John Tyndall, Britain’s most prominent far-right political leader, has been found dead at his home in Sussex only two days before he was due to appear at Leeds Crown Court facing two charges of inciting racial hatred.
Sussex Police said the 71-year-old was found by his wife this morning in Hove. “His death is not suspicious,” a spokesman said.
Tyndall, an inveterate schemer and plotter, was involved in neo-Nazi politics for some 50 years, first joining AK Chesterton’s League of Empire Loyalists before going on to lead a succession of race-based groups and parties including the National Front and the British National Party (BNP), which he founded in 1982.
Tyndall led the BNP party for 17 years until 1999 when he lost a leadership challenge to its current leader, Nick Griffin. Tyndall’s most recent brush with the law came last year when he was secretly filmed by the BBC giving a racist speech in Burnley. Both Tyndall and Mr Griffin were charged in April along with another BNP member with using words or behaviour intended or likely to stir up racial hatred.
Police said Tyndall’s death was reported by his wife at 8.15am today. A coroner’s investigation has been launched and an inquest will be held in due course.
Born on July 14, 1934, Tyndall left Penge and Beckenham Grammar School with three O levels before national service and a stint as a salesman.
He joined the League of Empire Loyalists in 1957 but soon left to form the National Labour Party under John Bean. The Labour Party forced the group to change its name and in 1960 it merged with Colin Jordan’s White Defence League to form the original British National Party.
With Colin Jordan, Tyndall also led a stormtrooper-style private army known as Spearhead and left the first BNP to set up the National Socialist Movement.
Both men were prosecuted for paramilitary activities but they fell out after Tyndall, still in jail, discovered that Mr Jordan had married Tyndall’s own fianceé, the French perfume heiress Francoise Dior. Pictures of the wedding showing the two of them mingling their blood over a copy of Adolf Hitler’s Mein Kampf appeared in the press.
Tyndall next formed the Greater Britain Movement in 1965, which was disbanded after Chesterton’s formation of the National Front in 1967, by which time Tyndall had become a leading neo-Nazi ideologue. Tyndall soon rose to head the National Front and under its guidance it became the most successful far-right party in recent British politics, fielding a peak of 303 candidates in the 1979 general election.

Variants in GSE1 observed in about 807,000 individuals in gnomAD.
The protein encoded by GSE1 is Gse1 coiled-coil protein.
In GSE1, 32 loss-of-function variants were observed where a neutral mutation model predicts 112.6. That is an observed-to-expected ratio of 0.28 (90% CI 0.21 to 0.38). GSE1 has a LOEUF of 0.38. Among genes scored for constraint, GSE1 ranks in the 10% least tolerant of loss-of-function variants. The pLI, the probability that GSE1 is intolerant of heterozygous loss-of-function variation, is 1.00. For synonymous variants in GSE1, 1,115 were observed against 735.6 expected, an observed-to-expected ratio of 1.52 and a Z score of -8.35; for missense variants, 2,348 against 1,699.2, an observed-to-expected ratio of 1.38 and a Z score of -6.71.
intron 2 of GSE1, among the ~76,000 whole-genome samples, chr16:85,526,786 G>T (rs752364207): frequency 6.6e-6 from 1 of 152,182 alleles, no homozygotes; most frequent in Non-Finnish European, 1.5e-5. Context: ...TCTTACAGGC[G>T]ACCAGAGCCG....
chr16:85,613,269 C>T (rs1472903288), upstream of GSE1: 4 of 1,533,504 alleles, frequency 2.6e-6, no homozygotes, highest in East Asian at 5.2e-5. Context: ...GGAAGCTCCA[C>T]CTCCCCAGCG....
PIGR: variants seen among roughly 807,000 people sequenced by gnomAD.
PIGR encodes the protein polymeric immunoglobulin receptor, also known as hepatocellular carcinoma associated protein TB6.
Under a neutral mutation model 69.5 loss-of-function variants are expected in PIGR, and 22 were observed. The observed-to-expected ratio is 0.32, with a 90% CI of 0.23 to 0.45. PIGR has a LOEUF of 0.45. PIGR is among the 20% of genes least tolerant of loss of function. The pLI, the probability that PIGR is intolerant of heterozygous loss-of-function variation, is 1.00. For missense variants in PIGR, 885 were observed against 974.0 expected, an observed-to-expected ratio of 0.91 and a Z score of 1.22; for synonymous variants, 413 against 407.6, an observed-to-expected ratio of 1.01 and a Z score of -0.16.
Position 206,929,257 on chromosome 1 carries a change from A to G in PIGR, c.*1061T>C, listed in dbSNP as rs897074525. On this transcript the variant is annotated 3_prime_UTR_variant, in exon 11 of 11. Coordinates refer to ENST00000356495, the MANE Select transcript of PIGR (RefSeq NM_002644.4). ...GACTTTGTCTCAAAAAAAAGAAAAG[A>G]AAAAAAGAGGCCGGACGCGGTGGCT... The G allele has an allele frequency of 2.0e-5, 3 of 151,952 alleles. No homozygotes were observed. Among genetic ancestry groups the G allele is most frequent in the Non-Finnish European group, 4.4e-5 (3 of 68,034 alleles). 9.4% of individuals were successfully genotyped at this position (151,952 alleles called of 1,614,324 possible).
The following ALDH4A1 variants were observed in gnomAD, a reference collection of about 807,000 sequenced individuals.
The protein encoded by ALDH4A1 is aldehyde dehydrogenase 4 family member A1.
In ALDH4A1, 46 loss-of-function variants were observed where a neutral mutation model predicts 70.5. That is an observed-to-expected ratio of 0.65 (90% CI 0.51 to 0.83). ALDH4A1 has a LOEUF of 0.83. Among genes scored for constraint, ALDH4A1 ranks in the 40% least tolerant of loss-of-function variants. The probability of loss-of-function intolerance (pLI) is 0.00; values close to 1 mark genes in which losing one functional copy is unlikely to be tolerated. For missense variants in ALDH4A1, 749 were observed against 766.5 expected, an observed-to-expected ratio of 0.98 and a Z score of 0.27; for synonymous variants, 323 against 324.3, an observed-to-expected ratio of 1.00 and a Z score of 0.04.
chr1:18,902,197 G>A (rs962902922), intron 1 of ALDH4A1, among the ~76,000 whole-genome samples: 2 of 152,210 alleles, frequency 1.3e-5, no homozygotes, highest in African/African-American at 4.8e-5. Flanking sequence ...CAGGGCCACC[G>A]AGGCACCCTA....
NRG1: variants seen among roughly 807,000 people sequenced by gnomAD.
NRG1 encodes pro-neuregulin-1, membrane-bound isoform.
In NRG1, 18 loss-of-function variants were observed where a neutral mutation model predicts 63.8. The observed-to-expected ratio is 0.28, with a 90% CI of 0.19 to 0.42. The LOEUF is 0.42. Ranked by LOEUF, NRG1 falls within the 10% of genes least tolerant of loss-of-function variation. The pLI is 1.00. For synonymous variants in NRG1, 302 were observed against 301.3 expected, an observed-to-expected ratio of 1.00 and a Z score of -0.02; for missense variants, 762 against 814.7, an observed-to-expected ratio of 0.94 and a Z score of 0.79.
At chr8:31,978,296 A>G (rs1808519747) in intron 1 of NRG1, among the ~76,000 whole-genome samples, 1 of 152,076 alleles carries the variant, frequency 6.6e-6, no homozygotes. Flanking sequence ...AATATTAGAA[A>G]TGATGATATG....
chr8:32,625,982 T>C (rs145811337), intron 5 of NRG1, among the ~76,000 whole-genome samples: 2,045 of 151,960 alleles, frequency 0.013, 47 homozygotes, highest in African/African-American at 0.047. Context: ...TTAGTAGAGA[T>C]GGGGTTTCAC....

Tyndall split from the National Front the following year to form the New National Front, which was soon renamed, confusingly enough, the British National Party. He headed that party for 17 years until losing control to Mr Griffin. He was convicted of incitement to racial hatred in 1986 and was jailed three times.
A spokesman for the BNP, Phil Edwards, said today that although Tyndall had been expelled from the party twice—in 2003, and again this year after being re-admitted—he was an “excellent chap with a keen analytical mind”. Mr Edwards said that Tyndall was sacked from the BNP for criticising the party leadership after he lost his position in 1999.
“John was a great fellow who knew exactly what our movement was about. But it is fair to say that he was not able to carry that forward to electoral success. It is a pity he did not just stand down. He tried to criticise the current leadership, and he should not have done that,” said the spokesman.
Tyndall remained involved in BNP activity by speaking at meetings, including the one at which he was filmed by the BBC for the documentary A Secret Agent. Mr Edwards said: “He was a marvellous speaker. He could hold a room and mesmerise them, but he did not have the answer to the problems. I am sure he would have denied the charges against him.”
Greg Mulholland, a Liberal Democrat MP in Leeds, said he had formally asked for Thursday’s BNP trial to be moved to avoid inflaming racial tensions in the city only two weeks after the July 7 suicide bombings in London. Three of the bombers were young Leeds Muslims of Pakistani origin.